Relying on performance guarantees – never simple when insolvency arises
21/12/2011 in Commercial, Construction Disputes, Dispute Resolution, Real Estate, Housing & Regeneration, Real Estate Litigation
Parties relying on guarantees when the other contracting party becomes insolvent, more often than not, consider they will be paid almost immediately by the guarantor. A recent case has highlighted the difficulties with performance guarantees, in the form of a default bond, and provides a possible solution.
In today’s uncertain economic climate, many companies are rightly concerned about the continuing solvency of their suppliers. In particular, they’ll want to ensure that they can continue to trade themselves in the event of the insolvency of a major supplier on whom they depend. Many therefore ask their suppliers for either a parent company guarantee or a bond from a bank or other worthy credit institution. Most bonds are “performance bonds”, otherwise known as “default bonds”, as opposed to “on demand bonds”.
In order to be able to claim under this type of guarantee or default bond, the company that is the beneficiary of the guarantee / bond will need to show breach of contract on the part of the supplier whose performance is being guaranteed.
Typical contractual clauses
Many commercial parties, when obtaining a guarantee or performance bond, also include in their contract with the supplier a clause which states that the supplier’s employment under the contract will terminate automatically on the supplier’s insolvency. The same contract may also provide that in the event of early termination there will be a balancing of the parties’ accounts, at the time when the supplier’s employment would have otherwise ended had it not been for the early termination. This is typical in most construction contracts, the JCT suite of contracts being an example.
What’s the problem?
While this all sounds sensible enough from a commercial point of view, unfortunately the law is never so simple. The problem is that insolvency is not in itself considered a breach of contract. As a result, unless expressly provided for in the guarantee or default bond, a claim cannot be made on the guarantee / default bond immediately on, and solely by reason of, the supplier’s insolvency. Instead, the customer has to wait until the supplier has failed to pay (and thus be in breach) after the balancing of the parties’ accounts at the end of the contract. Only then will the customer be able to claim for its loss under the guarantee / default bond.
In this difficult economic market, this delay in being able to claim under the guarantee / default bond may have serious implications for the customer’s cash flow and financially be very damaging to it.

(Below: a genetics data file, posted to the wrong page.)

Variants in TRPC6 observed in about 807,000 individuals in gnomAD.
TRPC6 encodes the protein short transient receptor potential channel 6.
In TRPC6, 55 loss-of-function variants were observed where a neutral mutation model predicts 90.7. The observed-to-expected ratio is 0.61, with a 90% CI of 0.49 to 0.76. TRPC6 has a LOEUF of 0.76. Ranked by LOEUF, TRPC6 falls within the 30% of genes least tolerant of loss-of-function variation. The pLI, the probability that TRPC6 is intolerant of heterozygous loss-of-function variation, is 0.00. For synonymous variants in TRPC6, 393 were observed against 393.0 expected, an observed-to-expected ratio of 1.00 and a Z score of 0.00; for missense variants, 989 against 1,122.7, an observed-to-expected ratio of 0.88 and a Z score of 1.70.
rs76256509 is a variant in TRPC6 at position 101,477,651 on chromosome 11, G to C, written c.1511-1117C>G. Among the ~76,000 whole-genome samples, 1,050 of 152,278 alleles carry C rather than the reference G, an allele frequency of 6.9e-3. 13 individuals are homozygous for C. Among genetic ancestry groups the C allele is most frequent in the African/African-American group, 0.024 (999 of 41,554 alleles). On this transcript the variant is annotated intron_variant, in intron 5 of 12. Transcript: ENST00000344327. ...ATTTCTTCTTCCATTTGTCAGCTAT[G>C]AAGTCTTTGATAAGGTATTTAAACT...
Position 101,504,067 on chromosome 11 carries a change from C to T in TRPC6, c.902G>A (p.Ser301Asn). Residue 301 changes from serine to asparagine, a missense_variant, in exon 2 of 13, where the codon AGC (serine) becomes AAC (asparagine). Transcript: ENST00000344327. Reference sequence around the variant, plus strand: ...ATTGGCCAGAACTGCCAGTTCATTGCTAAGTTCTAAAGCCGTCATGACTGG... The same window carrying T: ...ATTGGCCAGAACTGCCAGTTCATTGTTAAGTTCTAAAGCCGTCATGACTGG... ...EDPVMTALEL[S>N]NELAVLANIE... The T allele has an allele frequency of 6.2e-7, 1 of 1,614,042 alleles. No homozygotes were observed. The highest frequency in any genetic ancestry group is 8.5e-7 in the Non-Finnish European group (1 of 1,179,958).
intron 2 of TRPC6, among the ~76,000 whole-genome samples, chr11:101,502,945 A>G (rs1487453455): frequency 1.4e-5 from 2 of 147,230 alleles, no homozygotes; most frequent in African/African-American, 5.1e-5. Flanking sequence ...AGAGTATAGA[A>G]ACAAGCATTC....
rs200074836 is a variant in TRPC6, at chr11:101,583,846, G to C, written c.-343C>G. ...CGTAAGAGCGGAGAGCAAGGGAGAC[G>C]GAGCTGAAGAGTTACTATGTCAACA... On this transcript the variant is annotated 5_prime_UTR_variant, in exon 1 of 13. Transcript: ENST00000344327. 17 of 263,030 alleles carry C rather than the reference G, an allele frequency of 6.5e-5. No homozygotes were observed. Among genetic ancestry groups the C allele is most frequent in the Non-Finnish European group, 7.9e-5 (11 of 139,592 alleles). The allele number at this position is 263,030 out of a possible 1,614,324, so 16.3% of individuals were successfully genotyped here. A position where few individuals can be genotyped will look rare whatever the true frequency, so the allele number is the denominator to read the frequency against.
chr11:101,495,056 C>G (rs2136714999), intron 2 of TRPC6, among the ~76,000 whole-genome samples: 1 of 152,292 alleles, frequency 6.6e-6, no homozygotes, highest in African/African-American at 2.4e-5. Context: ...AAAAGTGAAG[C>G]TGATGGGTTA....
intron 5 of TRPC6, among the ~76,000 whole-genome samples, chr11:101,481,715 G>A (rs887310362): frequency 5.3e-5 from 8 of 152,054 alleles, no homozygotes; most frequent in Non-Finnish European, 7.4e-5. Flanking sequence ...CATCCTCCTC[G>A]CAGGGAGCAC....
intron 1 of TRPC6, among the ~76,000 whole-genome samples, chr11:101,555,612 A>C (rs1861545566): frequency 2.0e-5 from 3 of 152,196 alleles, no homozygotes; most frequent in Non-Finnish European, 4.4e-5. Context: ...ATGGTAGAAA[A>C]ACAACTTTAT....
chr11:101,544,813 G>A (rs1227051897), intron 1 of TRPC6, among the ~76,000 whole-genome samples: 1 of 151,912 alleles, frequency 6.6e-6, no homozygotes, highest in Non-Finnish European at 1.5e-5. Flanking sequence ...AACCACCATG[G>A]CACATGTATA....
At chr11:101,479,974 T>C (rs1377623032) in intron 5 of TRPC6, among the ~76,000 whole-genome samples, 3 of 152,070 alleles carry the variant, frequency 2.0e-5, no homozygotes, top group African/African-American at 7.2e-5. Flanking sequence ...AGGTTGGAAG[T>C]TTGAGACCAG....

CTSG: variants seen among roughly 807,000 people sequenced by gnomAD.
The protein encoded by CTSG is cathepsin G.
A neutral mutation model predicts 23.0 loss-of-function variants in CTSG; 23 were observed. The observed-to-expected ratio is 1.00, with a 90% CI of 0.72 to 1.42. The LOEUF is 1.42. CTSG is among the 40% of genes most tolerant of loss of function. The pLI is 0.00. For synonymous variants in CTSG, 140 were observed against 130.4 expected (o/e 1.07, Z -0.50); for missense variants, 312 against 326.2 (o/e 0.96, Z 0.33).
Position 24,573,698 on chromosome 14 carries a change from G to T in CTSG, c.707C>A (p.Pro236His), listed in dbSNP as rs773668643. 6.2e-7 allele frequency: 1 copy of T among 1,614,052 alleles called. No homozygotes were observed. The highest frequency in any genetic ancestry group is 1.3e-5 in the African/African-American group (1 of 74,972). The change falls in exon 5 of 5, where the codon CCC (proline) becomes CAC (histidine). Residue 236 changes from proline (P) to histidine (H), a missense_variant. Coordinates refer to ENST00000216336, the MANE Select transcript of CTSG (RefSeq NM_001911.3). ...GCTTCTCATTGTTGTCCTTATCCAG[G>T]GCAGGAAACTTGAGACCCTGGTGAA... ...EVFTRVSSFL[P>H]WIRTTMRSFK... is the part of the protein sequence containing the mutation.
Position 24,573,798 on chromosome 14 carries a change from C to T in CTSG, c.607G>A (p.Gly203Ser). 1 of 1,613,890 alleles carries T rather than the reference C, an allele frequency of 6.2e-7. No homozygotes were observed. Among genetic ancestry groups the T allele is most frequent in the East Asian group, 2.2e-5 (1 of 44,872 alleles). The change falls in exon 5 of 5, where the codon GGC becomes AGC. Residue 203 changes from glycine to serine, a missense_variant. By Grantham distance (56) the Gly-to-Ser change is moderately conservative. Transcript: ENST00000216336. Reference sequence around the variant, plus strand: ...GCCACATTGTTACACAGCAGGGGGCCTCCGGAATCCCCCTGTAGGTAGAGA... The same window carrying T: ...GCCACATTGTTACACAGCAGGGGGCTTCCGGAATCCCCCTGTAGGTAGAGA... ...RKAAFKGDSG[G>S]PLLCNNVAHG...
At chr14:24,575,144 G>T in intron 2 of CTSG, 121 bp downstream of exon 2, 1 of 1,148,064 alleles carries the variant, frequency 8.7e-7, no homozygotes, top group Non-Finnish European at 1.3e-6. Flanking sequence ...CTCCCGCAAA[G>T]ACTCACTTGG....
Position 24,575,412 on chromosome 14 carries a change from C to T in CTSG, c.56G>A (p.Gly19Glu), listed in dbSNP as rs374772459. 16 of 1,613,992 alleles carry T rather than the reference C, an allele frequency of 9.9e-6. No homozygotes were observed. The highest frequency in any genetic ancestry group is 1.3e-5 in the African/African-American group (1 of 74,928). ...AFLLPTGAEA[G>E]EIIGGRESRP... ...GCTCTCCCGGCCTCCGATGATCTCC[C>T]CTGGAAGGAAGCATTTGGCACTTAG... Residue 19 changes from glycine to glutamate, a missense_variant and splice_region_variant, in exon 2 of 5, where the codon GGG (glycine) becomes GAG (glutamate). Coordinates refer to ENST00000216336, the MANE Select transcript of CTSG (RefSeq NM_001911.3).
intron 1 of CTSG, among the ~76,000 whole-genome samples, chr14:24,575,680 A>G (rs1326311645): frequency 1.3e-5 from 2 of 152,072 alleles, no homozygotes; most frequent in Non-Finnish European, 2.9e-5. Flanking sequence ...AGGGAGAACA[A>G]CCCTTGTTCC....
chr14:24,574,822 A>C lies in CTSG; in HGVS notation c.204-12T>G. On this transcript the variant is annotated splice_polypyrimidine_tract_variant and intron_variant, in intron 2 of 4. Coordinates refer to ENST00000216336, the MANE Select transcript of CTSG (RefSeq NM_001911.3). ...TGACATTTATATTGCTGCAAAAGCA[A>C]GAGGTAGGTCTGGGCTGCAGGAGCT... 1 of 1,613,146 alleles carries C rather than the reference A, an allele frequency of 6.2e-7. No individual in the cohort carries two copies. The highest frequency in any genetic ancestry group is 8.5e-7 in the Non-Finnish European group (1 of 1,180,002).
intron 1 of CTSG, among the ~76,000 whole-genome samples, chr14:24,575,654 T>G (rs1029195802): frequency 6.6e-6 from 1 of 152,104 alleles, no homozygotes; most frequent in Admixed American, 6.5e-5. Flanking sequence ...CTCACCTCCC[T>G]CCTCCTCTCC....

A pragmatic solution
The case of Hackney Empire Limited v Aviva Insurance UK Limited (formerly trading as Norwich Union Insurance Limited) appears to have provided a pragmatic solution to this conundrum.
The answer lies in making a slight change to the contract which makes the supplier’s insolvency an event which entitles the customer to terminate the supplier’s employment under the contract on notice, rather than an event which automatically terminates the supplier’s employment. The termination clause should also state that it is without prejudice to any other rights and remedies which the customer may have.
How it works
It is normally the case that immediately prior to a supplier’s insolvency, the customer will notice a severe deterioration in service from the supplier. For example, the customer’s regular point of contact is made redundant; deliveries are late; and performance is poor. This is likely to result in the supplier becoming in breach of contract. As soon as the supplier is in breach, the customer will have a valid claim for damages and hence be able to make an immediate claim under the guarantee / default bond. Once the customer has “bagged” the supplier’s breach, entitling it to make a claim under the guarantee/default bond, the customer will then choose to terminate the supplier’s employment under the contract.
The risk with automatic termination on insolvency is that the termination may occur without the supplier committing a prior breach of the contract and thus preventing the customer from being able to claim under the guarantee / default bond at that point.
The answer is usually fairly easy. The trick is knowing where the trap lies…
You can read the judgment of Hackney Empire Limited v Aviva Insurance UK Limited (formerly trading as Norwich Union Insurance Limited)  EWHC 2378 here
For more information on these issues please contact James Levy or your usual Lewis Silkin contact.